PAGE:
Think About Controlling Traffic

If next spring’s planting season turns wet, Randall Reeder says no-tillers who use controlled traffic may be ahead of their neighbors. The Ohio State University agricultural engineer says it might let you no-till quicker despite wet conditions that normally delay planting.

“Growers who have established controlled traffic techniques could possibly plant several days ahead of growers who do not have controlled traffic,” he says. “If a grower is not using controlled traffic, he has to wait until the ground is dry enough to drive on, even though a 1 1/2 inch seeding depth might be dry enough to plant.”

Natural For No-Tillers

Reeder says controlled traffic lets you more effectively manage soil compaction. All equipment is the same width so your wheel traffic is confined to specific paths year after year and the remainder of the soil is left untouched. With the aid of guidance systems and GPS technology, it’s a natural for no-tillers to use. (Incidentally, Ohio State University ag engineer Matthew Sullivan will outline the pros and cons of using guidance systems during the early January 11th annual National No-Tillage Conference in Indianapolis, Ind.).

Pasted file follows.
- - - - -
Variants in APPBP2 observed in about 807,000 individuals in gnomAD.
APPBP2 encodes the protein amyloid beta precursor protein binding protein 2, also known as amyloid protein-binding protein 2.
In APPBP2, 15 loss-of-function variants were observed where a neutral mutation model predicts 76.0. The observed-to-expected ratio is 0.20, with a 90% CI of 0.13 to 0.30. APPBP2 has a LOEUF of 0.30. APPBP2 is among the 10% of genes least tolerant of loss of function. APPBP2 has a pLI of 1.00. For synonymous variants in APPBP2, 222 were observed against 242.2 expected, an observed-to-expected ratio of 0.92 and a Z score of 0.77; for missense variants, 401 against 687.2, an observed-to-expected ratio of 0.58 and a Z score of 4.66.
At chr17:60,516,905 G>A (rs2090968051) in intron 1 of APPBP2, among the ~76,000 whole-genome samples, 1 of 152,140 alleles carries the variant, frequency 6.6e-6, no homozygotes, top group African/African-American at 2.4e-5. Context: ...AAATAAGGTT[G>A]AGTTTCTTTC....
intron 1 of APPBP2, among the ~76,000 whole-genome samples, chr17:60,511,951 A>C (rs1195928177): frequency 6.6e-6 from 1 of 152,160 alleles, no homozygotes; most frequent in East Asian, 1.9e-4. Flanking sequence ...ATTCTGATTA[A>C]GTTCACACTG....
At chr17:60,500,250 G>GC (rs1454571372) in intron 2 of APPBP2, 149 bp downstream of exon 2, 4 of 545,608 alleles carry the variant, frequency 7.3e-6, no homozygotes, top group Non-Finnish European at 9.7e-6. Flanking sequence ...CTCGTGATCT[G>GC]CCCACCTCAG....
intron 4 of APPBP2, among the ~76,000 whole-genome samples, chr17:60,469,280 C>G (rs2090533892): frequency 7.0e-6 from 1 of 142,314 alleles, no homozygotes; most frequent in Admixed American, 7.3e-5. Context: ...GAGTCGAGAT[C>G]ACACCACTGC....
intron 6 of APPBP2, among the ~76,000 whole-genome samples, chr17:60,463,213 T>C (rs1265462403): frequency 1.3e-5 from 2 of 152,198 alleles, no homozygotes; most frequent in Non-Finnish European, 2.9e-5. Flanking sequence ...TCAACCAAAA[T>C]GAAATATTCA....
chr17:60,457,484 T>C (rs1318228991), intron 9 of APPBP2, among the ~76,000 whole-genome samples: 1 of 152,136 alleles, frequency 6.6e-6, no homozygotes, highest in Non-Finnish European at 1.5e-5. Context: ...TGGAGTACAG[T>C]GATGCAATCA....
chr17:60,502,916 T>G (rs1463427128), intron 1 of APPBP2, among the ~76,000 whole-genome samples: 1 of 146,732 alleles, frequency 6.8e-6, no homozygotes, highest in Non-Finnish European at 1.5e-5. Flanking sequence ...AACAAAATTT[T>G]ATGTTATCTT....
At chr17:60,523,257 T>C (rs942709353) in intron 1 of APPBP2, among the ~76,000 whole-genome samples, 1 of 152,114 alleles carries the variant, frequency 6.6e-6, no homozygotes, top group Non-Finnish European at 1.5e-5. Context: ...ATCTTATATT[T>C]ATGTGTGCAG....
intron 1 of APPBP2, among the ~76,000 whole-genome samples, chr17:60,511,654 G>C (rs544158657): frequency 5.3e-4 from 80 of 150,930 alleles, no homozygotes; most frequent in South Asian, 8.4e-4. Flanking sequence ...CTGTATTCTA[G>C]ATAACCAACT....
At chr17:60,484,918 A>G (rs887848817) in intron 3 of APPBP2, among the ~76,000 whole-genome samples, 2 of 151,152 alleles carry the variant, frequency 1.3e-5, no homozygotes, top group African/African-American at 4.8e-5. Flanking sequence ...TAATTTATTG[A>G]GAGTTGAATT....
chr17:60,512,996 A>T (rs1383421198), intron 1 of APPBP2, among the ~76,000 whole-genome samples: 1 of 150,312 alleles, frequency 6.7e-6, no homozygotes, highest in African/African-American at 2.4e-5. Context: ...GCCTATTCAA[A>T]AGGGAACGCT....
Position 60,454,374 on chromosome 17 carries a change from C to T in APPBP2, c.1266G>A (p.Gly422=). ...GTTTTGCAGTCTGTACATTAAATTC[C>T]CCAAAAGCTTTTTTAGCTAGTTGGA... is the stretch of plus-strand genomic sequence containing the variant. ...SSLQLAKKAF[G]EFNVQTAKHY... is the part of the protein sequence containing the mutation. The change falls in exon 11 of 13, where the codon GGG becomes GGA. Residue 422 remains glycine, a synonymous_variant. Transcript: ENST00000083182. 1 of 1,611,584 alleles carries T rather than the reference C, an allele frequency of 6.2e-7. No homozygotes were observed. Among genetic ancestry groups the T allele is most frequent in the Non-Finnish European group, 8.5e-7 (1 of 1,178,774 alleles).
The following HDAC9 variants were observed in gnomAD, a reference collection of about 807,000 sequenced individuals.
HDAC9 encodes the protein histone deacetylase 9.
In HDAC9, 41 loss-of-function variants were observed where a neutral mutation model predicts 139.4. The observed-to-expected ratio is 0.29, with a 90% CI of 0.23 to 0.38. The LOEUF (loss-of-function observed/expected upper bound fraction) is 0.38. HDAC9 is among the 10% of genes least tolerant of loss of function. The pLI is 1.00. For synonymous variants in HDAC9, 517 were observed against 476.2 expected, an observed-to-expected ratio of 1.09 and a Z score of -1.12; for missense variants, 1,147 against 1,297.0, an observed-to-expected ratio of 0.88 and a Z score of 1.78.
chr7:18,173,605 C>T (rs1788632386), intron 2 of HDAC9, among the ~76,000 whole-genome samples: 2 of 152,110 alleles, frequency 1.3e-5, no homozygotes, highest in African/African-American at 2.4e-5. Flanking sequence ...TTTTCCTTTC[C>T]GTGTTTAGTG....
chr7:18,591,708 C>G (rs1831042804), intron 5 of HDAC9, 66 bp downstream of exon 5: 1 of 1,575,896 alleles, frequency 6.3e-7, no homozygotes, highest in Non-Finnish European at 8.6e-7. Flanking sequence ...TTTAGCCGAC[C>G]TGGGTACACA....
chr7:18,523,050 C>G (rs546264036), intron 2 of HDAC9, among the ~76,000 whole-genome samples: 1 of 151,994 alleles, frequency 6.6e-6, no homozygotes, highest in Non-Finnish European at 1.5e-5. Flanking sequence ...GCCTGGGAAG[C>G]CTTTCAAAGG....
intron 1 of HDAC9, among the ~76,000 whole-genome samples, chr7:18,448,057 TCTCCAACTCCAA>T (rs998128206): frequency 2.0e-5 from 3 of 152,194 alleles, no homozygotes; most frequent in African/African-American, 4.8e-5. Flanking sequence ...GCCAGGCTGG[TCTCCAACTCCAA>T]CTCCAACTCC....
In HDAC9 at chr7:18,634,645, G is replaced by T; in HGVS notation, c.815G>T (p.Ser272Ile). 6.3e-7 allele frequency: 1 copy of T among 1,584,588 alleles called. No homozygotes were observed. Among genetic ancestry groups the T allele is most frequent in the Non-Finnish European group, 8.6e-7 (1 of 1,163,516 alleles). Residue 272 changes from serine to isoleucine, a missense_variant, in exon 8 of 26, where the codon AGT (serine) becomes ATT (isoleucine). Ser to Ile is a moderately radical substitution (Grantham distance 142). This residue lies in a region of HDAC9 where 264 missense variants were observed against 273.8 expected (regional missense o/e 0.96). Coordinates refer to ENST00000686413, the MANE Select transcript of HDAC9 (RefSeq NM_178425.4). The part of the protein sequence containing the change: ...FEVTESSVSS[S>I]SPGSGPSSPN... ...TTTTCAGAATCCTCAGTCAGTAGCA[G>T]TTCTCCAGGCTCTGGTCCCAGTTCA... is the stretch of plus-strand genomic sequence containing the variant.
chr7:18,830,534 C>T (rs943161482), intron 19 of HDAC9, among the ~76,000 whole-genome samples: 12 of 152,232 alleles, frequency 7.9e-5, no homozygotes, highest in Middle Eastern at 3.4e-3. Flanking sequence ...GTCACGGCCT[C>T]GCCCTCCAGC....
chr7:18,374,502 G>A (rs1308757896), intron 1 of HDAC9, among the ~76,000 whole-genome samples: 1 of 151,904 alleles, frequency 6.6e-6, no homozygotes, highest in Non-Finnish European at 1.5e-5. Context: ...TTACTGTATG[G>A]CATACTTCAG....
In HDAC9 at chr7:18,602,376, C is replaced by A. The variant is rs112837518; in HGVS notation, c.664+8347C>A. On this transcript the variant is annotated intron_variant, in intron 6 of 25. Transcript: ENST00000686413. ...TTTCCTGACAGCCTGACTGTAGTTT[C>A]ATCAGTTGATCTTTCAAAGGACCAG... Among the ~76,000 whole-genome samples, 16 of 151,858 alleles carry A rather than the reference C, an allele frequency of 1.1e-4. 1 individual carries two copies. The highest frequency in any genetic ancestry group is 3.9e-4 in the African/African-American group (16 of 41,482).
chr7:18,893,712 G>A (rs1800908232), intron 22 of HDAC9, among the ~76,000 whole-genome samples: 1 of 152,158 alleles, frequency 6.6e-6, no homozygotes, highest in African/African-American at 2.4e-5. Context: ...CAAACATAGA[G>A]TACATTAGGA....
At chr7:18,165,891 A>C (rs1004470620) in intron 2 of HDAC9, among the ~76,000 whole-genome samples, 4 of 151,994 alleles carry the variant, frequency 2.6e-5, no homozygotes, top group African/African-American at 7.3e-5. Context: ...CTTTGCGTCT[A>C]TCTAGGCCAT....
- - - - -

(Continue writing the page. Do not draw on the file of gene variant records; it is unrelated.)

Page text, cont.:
Reeder says controlled traffic offers no-tillers distinct advantages in a wet spring. “In a year like last spring, the soil is going to get compacted very easily,” he says. “But if a no-tiller has been practicing controlled traffic for, say 3 years, the driving lanes will be firm. The untouched soil will be loose and dry out faster, giving no-tillers the opportunity to plant…

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Frank Lessiter

Frank Lessiter has served as editor of No-Till Farmer since the publication was launched in November of 1972. Raised on a six-generation Michigan Centennial Farm, he has spent his entire career in agricultural journalism. Lessiter is a dairy science graduate from Michigan State University.

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